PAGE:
As VC investors, we always speak about the importance of teams. It is hard to quantify what percentage of a startup’s success is due to the team alone, this is a somewhat intangible metric to judge companies on. Paga, however, has definitely found the X factor in its team, something we can all learn from.
Lessons from Paga that can be replicated throughout the ecosystem:
Focus as much time on building a culture as building a business model
Culture is an important part of not only attracting talent but also retaining talent. It is well understood that the cost of losing an employee can be upward of 125% of that individual’s salary, and that recent research from LinkedIn indicates that the tech sector has had the highest turnover rate. Paga’s culture is a contributing factor to its low turnover, especially among senior level hires.
Growth without losing sight of profitability
There is always a trade-off between focusing on growth versus profitability, but few companies in high growth sectors such as fintech are able to successfully manage the two. Paga had its first
EBITDA (earnings before interest, tax, depreciation and amortization) positive quarter in 2017 after several years of investing in growth but being extremely capital efficient with available marketing resources. When I visited the company in 2017, I was surprised to learn that everyone at the company knew this metric and where they were in achieving that.
Diversity of thought
It is essential for startups to surround themselves with executives, employees, investors, and a Board that not only have different backgrounds, but also think differently. What has propelled Paga forward in part is a commitment to diversity and incorporation of inputs from such distinct voices. The investor group is a great representation of this, with investment from the likes of Tim Draper – a pioneer in the Silicon Valley ecosystem, to organisations that care about macroeconomic development of frontier markets like the Global Innovation Fund.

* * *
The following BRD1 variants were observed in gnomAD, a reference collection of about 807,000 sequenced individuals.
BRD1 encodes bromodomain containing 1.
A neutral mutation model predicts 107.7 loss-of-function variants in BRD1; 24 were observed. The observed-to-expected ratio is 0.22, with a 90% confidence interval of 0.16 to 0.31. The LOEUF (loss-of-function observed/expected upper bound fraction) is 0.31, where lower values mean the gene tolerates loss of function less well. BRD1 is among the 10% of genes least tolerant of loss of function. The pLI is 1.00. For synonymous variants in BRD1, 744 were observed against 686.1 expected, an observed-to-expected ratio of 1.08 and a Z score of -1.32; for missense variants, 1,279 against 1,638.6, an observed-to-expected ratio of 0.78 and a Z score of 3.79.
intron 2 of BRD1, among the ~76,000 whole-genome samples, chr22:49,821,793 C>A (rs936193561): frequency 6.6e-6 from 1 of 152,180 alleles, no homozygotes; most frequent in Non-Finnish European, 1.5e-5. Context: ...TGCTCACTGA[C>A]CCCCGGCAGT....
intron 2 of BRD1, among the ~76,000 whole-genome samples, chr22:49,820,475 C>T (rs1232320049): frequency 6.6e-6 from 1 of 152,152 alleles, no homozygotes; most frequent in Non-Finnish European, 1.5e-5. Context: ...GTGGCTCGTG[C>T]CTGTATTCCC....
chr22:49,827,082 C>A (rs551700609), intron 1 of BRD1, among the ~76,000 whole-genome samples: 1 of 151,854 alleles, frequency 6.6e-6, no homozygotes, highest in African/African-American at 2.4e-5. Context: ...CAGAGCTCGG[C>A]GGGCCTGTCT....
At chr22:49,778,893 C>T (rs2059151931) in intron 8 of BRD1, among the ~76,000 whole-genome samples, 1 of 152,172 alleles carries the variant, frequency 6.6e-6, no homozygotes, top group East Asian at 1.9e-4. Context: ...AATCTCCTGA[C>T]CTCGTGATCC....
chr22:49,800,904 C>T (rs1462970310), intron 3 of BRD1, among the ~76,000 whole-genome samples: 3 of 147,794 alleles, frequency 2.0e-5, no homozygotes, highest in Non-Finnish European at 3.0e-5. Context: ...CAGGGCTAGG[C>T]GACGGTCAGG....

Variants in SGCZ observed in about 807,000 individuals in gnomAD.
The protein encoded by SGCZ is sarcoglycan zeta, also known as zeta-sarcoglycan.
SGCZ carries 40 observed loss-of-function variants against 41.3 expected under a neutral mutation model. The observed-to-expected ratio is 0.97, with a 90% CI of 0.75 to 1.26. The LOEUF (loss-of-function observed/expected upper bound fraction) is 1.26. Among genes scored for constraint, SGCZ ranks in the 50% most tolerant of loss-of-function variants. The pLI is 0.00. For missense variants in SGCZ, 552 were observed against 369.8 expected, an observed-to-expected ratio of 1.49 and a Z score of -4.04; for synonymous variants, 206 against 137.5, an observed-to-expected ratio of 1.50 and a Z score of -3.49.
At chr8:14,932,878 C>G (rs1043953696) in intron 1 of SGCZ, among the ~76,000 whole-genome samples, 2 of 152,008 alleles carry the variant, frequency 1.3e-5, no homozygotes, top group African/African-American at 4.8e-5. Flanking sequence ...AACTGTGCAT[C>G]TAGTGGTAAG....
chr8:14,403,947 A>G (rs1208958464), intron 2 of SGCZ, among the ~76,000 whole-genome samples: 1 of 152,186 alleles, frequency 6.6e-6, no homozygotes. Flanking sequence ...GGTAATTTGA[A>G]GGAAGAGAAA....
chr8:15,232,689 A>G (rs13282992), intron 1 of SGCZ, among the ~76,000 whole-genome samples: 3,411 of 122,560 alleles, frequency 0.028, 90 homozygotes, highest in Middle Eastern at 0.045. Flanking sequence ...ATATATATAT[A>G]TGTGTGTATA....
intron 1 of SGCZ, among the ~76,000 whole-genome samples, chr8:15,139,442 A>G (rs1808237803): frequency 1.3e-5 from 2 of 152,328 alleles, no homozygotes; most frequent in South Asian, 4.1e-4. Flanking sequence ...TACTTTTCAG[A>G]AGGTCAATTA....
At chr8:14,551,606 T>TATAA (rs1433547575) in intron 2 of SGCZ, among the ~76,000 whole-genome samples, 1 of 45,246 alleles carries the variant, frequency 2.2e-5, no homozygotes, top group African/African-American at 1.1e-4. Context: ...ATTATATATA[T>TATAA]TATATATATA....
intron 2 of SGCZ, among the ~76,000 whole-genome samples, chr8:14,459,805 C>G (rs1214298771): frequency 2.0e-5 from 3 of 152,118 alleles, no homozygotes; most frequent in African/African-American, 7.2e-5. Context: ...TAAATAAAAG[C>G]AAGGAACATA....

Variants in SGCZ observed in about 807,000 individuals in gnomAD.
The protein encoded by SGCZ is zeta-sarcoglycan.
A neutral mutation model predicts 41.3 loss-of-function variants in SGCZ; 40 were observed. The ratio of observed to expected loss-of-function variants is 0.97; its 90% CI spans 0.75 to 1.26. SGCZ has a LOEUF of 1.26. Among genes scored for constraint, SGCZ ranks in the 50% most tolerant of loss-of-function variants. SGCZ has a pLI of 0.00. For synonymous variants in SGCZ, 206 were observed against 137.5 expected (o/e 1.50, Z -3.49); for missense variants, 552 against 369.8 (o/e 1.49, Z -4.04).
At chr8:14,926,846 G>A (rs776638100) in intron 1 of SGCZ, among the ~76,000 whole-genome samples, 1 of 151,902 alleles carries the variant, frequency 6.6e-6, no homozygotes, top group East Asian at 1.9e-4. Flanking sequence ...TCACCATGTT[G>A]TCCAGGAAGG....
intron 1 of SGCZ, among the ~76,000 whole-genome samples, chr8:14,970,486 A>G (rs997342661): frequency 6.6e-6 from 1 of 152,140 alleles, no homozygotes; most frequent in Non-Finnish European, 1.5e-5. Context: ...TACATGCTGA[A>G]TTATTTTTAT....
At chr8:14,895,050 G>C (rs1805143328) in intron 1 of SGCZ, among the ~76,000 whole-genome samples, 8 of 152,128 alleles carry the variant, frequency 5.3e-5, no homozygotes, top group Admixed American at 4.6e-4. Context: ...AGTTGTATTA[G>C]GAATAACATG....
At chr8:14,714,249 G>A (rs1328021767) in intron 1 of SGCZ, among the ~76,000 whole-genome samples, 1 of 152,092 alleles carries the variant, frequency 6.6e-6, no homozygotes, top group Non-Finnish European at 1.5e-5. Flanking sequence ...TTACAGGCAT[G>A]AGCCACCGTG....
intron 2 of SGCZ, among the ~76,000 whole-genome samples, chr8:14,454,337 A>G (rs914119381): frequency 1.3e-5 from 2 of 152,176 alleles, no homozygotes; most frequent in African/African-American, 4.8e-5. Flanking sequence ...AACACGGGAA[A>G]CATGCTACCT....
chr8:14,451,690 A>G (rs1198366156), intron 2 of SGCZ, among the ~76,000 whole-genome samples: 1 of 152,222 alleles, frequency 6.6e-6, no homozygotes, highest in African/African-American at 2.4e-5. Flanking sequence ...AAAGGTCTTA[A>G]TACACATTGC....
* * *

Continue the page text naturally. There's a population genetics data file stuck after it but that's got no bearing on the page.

Public/private sector partnerships
Many entrepreneurs shy away from opportunities to link up with government initiatives due to hesitation around being too early stage for such a partnership, in addition to the complex nature of large governmental agencies, and the pace of partnership development. While there is some truth in this, the reality is that governments across the world are actively plugging in innovation into their DNA and want to accelerate achievement of macroeconomic objectives through startup partnerships. A great example is the Shared Agent Network Facility (SANEF) in Nigeria, in which Paga is a primary partner in increasing access points for the mass market of Nigeria to enter the financial system.
When I spoke with many other entrepreneurs in the Nigerian tech ecosystem, it was clear that Paga has had multi-generational impact on the ecosystem – inspiring the next generation of founders. These entrepreneurs are smart, energetic, and purpose driven in helping solve major pan-African and global challenges. Congrats to Paga for achieving 10 years, GIF looks forward to your continued success!